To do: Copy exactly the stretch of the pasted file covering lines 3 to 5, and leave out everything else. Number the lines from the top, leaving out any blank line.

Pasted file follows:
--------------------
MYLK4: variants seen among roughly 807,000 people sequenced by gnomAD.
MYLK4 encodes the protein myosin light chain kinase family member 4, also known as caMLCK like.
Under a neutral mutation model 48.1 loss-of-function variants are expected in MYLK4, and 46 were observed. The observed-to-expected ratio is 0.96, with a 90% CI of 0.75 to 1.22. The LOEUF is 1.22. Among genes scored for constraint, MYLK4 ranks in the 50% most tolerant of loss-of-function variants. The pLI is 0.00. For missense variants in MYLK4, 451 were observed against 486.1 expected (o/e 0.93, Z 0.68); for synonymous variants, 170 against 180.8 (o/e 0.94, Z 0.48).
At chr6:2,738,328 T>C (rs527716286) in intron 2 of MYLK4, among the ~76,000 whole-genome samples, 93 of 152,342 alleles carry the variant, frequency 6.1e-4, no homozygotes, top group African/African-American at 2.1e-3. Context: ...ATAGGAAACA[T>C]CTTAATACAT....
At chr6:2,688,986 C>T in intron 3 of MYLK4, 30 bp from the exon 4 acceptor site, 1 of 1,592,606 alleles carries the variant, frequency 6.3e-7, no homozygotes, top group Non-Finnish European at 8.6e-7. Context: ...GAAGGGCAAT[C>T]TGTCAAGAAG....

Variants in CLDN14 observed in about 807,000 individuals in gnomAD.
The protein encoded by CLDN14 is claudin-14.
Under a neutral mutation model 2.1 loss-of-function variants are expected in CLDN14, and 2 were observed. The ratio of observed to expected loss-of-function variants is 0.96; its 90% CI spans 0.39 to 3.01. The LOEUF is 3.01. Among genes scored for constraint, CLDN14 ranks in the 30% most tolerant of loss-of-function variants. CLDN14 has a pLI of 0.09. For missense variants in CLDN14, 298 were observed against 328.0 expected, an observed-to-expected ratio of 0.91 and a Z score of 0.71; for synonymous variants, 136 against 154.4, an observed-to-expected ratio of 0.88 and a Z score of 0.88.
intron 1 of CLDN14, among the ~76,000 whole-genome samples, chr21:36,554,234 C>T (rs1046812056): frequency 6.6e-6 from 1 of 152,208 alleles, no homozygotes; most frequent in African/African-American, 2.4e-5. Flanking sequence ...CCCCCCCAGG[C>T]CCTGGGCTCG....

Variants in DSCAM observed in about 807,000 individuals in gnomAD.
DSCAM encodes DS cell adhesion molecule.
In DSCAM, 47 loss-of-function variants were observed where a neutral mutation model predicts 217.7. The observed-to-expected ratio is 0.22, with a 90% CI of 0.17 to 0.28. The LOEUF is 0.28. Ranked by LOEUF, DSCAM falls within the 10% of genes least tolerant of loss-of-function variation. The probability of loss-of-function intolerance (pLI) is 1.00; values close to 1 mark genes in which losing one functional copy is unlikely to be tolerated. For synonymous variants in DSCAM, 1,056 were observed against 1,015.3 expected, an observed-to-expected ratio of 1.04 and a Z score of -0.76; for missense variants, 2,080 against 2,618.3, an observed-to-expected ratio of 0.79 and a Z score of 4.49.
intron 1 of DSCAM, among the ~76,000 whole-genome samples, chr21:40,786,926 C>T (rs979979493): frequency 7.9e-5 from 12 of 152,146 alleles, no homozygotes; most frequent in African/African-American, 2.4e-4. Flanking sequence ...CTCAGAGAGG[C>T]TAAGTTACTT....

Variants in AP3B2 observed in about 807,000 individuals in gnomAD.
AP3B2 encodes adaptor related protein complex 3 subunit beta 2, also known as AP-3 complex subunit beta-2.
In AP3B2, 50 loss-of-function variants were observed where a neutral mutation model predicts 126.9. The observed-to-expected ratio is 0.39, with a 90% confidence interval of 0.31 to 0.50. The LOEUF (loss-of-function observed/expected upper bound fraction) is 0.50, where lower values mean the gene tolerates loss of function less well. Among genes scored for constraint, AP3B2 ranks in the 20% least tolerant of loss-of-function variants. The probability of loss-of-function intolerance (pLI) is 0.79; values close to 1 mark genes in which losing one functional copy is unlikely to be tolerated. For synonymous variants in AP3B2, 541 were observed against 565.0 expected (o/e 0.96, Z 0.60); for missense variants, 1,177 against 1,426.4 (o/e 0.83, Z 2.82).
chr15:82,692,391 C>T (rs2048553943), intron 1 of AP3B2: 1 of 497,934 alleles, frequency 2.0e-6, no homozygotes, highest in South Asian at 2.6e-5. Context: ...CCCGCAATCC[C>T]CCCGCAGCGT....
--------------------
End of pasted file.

Under a neutral mutation model 48.1 loss-of-function variants are expected in MYLK4, and 46 were observed. The observed-to-expected ratio is 0.96, with a 90% CI of 0.75 to 1.22. The LOEUF is 1.22. Among genes scored for constraint, MYLK4 ranks in the 50% most tolerant of loss-of-function variants. The pLI is 0.00. For missense variants in MYLK4, 451 were observed against 486.1 expected (o/e 0.93, Z 0.68); for synonymous variants, 170 against 180.8 (o/e 0.94, Z 0.48).
At chr6:2,738,328 T>C (rs527716286) in intron 2 of MYLK4, among the ~76,000 whole-genome samples, 93 of 152,342 alleles carry the variant, frequency 6.1e-4, no homozygotes, top group African/African-American at 2.1e-3. Context: ...ATAGGAAACA[T>C]CTTAATACAT....
At chr6:2,688,986 C>T in intron 3 of MYLK4, 30 bp from the exon 4 acceptor site, 1 of 1,592,606 alleles carries the variant, frequency 6.3e-7, no homozygotes, top group Non-Finnish European at 8.6e-7. Context: ...GAAGGGCAAT[C>T]TGTCAAGAAG....